How to Kick Start Your Japanese Fluency With Pictures Visual learners listen up!

    A while back I stumbled across a great website by the name of Tower of Babelfish. Their front page has a bunch of pictures of fugus, so that in itself is enough to make them awesome in my book. Anyway, the guy running the show over there is on an eight year (and counting) journey to gain fluency in German, Italian, French, and Russian.

    On his site he shares strategies to help people reach their language goals quickly, efficiently, and effectively. He also does his best to help people avoid potential pitfalls along the way. Even though he’s not studying Japanese, we can still apply some of the basic principles discussed on the site to our studies of Japanese.

    Learning Japanese With Pictures

    anki graphic equation

    One of the practices he mentions, which I think is particularly useful (especially for the beginner), is making an Anki deck of 400 some base vocabulary words using only pictures and the Japanese word for what’s in the picture. Of course one can do more than the 400, but I think it’s a solid start.

    translation anki for dog

    This assists the learner in learning the Japanese word for the thing depicted in the photo instead of having the learner learn the Japanese word for the English word that corresponds to the thing. You know what I mean? It’s like cutting out the middleman. Just look at the above picture if the verbal description isn’t doing it for you. And that base vocabulary list can be found here.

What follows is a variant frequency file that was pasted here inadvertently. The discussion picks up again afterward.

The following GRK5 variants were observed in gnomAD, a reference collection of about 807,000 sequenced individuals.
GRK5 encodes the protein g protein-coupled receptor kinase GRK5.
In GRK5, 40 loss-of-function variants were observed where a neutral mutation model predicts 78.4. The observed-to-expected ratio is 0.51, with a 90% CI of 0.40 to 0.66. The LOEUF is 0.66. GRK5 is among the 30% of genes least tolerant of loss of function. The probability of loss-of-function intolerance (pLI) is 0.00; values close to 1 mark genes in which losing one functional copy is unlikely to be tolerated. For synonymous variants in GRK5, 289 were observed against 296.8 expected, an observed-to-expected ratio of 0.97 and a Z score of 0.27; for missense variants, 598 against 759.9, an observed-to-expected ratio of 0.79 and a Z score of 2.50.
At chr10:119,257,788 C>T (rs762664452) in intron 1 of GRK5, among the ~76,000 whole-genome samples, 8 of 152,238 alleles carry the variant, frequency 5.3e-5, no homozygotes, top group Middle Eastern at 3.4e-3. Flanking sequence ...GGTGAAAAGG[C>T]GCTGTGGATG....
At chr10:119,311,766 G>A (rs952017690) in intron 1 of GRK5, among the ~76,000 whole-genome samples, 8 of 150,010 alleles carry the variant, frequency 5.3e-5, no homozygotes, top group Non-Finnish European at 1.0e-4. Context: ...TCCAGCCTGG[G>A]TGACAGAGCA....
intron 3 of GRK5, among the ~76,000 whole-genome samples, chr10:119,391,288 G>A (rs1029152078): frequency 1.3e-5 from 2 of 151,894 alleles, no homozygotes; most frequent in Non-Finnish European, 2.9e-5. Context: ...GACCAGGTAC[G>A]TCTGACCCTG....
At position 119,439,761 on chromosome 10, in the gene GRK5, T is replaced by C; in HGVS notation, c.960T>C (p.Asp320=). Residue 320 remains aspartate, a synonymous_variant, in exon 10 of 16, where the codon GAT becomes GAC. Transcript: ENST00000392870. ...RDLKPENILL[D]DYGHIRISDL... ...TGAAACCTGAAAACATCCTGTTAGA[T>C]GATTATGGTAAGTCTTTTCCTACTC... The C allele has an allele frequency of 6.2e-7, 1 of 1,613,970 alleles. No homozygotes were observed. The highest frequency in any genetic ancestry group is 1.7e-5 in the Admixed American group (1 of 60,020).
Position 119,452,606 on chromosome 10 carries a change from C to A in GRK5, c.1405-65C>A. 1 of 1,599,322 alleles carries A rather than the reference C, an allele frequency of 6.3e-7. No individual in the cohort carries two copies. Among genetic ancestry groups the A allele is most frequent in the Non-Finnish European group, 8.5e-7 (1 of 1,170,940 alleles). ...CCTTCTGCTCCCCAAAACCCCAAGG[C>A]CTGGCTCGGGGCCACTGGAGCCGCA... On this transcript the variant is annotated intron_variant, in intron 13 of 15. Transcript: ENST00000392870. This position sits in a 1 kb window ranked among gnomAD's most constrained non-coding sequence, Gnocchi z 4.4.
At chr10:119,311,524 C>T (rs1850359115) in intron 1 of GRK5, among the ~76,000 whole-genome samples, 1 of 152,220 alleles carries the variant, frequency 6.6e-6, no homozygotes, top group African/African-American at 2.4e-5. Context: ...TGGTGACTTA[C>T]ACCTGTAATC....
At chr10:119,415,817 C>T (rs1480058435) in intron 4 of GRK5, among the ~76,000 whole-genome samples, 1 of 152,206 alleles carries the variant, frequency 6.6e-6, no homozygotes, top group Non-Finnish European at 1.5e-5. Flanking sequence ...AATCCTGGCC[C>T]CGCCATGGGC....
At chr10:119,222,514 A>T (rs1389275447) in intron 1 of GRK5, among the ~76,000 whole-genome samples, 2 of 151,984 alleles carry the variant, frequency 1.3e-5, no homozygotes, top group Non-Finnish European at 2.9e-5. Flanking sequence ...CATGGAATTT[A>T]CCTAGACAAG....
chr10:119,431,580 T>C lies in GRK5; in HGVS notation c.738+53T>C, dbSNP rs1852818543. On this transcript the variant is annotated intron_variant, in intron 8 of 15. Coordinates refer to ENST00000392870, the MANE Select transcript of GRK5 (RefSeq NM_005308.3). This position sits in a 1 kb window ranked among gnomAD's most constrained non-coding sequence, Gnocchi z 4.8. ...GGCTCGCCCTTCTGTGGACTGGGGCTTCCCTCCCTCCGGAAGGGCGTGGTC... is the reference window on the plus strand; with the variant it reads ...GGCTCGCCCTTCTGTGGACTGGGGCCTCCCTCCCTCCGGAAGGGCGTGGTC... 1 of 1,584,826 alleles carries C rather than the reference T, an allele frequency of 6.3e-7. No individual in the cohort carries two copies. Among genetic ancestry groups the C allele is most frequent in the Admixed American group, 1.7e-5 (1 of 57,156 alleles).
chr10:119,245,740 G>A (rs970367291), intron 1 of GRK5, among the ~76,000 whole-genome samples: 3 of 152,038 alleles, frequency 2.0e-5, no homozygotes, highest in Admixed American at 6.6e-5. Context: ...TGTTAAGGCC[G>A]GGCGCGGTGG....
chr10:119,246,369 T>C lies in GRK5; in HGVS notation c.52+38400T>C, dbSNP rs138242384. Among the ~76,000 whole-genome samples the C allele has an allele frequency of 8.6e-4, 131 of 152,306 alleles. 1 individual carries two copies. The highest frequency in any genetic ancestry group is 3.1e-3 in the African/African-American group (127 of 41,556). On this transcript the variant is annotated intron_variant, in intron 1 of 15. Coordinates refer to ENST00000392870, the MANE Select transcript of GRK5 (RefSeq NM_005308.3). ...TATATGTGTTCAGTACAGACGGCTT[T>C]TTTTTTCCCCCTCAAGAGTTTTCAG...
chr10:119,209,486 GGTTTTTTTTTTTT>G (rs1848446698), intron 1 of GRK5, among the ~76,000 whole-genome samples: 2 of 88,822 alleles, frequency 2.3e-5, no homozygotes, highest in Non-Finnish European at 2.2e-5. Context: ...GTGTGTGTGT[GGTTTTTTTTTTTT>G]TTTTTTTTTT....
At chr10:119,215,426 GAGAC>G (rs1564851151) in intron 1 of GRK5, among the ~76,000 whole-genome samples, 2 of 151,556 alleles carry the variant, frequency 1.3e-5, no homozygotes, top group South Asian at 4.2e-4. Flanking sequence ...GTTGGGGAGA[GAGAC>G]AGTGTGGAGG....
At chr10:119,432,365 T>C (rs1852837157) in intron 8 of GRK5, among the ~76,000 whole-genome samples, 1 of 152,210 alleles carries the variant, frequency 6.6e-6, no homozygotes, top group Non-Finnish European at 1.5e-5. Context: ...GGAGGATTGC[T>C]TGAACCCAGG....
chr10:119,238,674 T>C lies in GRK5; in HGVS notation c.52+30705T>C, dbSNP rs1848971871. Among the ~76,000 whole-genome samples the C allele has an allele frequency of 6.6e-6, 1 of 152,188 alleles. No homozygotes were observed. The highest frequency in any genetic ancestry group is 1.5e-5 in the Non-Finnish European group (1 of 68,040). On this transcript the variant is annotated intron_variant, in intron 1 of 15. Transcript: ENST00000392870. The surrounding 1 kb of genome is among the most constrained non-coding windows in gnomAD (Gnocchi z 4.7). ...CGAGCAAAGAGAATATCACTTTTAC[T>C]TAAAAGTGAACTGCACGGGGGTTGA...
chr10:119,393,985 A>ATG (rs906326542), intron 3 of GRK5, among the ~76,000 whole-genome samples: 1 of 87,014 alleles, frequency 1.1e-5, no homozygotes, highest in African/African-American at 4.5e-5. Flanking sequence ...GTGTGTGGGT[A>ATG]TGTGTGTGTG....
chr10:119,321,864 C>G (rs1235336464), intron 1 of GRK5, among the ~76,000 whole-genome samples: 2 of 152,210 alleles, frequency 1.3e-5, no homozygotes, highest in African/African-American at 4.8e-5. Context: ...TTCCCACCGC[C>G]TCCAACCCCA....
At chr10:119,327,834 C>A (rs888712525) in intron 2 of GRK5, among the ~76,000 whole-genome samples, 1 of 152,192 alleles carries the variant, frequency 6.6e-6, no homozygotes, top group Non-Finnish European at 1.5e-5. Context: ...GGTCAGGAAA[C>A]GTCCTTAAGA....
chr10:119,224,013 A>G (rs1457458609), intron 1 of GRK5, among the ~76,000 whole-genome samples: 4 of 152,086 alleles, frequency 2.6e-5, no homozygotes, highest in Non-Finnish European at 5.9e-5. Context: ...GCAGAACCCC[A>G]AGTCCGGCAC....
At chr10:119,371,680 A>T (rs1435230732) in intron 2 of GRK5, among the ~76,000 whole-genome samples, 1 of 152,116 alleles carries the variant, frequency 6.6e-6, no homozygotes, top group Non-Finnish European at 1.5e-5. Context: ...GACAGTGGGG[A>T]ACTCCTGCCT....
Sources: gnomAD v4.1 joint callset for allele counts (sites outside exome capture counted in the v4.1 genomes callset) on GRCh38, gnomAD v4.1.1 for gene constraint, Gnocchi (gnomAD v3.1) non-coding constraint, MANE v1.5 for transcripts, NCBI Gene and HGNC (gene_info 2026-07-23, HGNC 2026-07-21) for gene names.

rosetta stone parody picture

    This concept is kind of similar to the approach Rosetta Stone takes to learning a language. However, we don’t like Rosetta Stone very much. So why do I like this idea? Well, I think Rosetta Stone can be fine as a supplement, but I don’t really like it as the sole means of learning. Also, you’re doing everything yourself so it’s totally customizable and tailored to your specific needs and interests since you’re the one making it. Plus, this do-it-yourself Anki method is totally free, unlike Rosetta Stone, which is not. Free is good.

    Pronunciation is Key

    close up of man and woman talking

    So how does this process work? Well, for the absolute beginner, the most important thing to do is get the pronunciation of Japanese down pat. That way, you won’t be ingraining bad habits into your headbrain when studying these cards. The best way to start perfecting your pronunciation is to learn hiragana and katakana, and become familiar with how Japanese should sound. There’s lots of things you can do to achieve this, many of which take little to no effort at all.